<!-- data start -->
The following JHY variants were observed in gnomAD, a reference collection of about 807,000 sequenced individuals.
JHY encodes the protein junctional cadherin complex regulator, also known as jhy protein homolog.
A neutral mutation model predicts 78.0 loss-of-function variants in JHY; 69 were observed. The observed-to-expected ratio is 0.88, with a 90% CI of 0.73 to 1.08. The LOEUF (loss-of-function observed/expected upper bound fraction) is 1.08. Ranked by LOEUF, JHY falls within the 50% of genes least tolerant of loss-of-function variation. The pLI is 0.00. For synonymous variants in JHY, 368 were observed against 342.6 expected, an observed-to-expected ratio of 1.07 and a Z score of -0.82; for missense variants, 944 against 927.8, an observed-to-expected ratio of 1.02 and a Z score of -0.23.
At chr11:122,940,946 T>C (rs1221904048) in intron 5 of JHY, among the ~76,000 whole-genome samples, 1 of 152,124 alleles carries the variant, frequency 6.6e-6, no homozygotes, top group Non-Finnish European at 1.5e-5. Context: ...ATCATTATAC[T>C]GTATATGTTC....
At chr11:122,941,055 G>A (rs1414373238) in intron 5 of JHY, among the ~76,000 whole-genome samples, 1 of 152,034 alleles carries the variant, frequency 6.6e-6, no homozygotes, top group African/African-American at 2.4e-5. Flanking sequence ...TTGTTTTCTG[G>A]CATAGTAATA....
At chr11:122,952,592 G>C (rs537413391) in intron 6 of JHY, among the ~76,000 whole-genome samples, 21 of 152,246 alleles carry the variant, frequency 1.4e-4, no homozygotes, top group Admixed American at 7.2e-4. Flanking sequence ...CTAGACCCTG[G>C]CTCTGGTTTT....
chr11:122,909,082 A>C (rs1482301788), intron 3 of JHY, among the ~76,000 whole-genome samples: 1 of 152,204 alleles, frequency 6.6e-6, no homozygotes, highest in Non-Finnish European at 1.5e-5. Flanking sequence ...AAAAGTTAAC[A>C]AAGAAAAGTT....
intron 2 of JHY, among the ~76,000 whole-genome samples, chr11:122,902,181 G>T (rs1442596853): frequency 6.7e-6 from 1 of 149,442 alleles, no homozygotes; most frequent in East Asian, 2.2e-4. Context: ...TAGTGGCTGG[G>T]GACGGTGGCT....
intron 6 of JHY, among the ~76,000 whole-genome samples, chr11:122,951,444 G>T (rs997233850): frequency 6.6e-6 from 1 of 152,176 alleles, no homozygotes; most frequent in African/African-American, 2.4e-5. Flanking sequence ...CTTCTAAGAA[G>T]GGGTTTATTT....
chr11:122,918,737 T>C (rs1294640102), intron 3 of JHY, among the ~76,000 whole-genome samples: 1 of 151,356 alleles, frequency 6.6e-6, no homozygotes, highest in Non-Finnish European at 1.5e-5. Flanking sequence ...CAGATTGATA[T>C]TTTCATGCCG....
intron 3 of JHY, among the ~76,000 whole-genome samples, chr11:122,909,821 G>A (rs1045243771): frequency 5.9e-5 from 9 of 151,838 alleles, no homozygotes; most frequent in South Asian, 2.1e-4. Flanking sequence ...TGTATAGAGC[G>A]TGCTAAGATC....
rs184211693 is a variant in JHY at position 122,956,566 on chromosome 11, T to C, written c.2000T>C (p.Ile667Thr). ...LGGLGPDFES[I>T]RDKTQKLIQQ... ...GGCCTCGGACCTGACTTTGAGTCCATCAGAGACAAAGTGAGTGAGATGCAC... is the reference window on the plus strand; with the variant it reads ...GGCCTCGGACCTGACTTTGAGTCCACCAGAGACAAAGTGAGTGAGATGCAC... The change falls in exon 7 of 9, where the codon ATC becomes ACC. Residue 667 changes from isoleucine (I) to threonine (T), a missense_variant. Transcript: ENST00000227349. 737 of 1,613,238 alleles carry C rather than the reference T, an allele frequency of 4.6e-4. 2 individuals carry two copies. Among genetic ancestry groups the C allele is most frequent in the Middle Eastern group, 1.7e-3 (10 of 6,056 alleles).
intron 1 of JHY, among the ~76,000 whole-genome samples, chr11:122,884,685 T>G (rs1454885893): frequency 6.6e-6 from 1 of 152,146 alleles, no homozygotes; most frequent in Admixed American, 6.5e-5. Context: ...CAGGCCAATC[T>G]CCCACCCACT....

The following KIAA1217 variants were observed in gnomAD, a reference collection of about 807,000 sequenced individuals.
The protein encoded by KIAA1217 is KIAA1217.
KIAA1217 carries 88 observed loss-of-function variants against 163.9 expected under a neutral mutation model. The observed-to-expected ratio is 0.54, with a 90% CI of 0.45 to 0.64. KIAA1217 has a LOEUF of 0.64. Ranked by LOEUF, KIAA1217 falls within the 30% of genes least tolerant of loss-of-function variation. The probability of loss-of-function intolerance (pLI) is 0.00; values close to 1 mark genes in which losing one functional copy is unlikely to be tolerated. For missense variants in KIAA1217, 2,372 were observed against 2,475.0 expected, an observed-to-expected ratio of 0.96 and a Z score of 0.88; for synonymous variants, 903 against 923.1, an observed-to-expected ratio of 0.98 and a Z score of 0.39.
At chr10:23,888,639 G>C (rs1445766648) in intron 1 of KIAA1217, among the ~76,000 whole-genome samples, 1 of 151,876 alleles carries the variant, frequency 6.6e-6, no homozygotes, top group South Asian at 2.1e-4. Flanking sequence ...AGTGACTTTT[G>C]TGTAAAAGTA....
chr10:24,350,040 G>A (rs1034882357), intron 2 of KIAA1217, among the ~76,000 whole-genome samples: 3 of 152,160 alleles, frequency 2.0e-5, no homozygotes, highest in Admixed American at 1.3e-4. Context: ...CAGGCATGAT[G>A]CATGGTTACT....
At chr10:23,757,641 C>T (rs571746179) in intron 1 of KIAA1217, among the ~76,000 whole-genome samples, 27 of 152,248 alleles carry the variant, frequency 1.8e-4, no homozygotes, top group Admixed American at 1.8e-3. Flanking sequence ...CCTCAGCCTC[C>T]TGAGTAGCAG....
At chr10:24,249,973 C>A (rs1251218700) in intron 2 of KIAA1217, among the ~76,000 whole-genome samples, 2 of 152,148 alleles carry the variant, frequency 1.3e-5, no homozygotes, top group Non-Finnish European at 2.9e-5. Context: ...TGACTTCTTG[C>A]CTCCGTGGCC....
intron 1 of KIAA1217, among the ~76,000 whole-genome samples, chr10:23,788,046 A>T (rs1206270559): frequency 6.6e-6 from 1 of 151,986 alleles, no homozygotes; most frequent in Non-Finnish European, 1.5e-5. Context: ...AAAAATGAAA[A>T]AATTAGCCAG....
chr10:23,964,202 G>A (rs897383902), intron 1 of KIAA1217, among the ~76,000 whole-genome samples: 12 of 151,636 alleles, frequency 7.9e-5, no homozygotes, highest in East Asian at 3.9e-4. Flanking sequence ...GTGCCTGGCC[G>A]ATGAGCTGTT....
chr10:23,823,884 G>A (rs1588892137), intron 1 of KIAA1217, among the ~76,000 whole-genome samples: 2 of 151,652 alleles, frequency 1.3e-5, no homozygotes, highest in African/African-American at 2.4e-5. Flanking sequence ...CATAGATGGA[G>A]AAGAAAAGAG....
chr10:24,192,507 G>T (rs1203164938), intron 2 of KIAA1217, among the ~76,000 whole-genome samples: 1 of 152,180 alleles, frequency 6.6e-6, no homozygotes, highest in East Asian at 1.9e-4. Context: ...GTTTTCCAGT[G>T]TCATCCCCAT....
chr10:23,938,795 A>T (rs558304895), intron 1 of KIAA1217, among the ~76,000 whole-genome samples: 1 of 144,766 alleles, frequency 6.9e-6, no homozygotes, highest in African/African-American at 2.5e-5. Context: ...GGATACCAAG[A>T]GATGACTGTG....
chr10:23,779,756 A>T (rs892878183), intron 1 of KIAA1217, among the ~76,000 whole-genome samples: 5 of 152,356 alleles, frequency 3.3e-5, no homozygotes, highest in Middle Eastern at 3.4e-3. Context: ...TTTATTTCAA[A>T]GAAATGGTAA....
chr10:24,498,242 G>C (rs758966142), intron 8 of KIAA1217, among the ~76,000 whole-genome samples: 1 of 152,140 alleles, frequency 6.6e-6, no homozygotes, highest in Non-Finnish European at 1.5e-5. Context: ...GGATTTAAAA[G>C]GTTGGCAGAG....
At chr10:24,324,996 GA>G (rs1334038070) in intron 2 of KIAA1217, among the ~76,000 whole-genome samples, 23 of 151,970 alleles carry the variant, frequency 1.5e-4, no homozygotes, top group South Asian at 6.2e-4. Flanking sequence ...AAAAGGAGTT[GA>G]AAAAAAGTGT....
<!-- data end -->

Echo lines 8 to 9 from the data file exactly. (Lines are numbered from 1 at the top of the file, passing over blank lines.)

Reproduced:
intron 2 of JHY, among the ~76,000 whole-genome samples, chr11:122,902,181 G>T (rs1442596853): frequency 6.7e-6 from 1 of 149,442 alleles, no homozygotes; most frequent in East Asian, 2.2e-4. Context: ...TAGTGGCTGG[G>T]GACGGTGGCT....
intron 6 of JHY, among the ~76,000 whole-genome samples, chr11:122,951,444 G>T (rs997233850): frequency 6.6e-6 from 1 of 152,176 alleles, no homozygotes; most frequent in African/African-American, 2.4e-5. Flanking sequence ...CTTCTAAGAA[G>T]GGGTTTATTT....